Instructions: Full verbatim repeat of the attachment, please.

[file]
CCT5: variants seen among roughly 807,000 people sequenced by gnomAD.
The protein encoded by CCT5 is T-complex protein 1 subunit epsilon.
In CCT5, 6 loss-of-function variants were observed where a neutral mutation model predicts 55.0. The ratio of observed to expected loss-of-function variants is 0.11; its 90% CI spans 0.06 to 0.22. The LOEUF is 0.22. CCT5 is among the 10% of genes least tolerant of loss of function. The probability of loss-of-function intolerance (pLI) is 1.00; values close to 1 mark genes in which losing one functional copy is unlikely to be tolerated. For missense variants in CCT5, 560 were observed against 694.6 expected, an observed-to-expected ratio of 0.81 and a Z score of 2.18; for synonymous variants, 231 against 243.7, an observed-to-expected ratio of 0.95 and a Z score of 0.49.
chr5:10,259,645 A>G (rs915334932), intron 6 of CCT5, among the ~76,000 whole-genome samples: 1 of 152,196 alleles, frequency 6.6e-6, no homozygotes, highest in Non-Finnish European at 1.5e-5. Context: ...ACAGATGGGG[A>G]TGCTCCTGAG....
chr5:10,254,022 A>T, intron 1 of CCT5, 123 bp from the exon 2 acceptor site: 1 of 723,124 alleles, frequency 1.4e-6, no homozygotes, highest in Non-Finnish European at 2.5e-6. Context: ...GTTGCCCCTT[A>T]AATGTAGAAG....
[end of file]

CCT5: variants seen among roughly 807,000 people sequenced by gnomAD.
The protein encoded by CCT5 is T-complex protein 1 subunit epsilon.
In CCT5, 6 loss-of-function variants were observed where a neutral mutation model predicts 55.0. The ratio of observed to expected loss-of-function variants is 0.11; its 90% CI spans 0.06 to 0.22. The LOEUF is 0.22. CCT5 is among the 10% of genes least tolerant of loss of function. The probability of loss-of-function intolerance (pLI) is 1.00; values close to 1 mark genes in which losing one functional copy is unlikely to be tolerated. For missense variants in CCT5, 560 were observed against 694.6 expected, an observed-to-expected ratio of 0.81 and a Z score of 2.18; for synonymous variants, 231 against 243.7, an observed-to-expected ratio of 0.95 and a Z score of 0.49.
chr5:10,259,645 A>G (rs915334932), intron 6 of CCT5, among the ~76,000 whole-genome samples: 1 of 152,196 alleles, frequency 6.6e-6, no homozygotes, highest in Non-Finnish European at 1.5e-5. Context: ...ACAGATGGGG[A>G]TGCTCCTGAG....
chr5:10,254,022 A>T, intron 1 of CCT5, 123 bp from the exon 2 acceptor site: 1 of 723,124 alleles, frequency 1.4e-6, no homozygotes, highest in Non-Finnish European at 2.5e-6. Context: ...GTTGCCCCTT[A>T]AATGTAGAAG....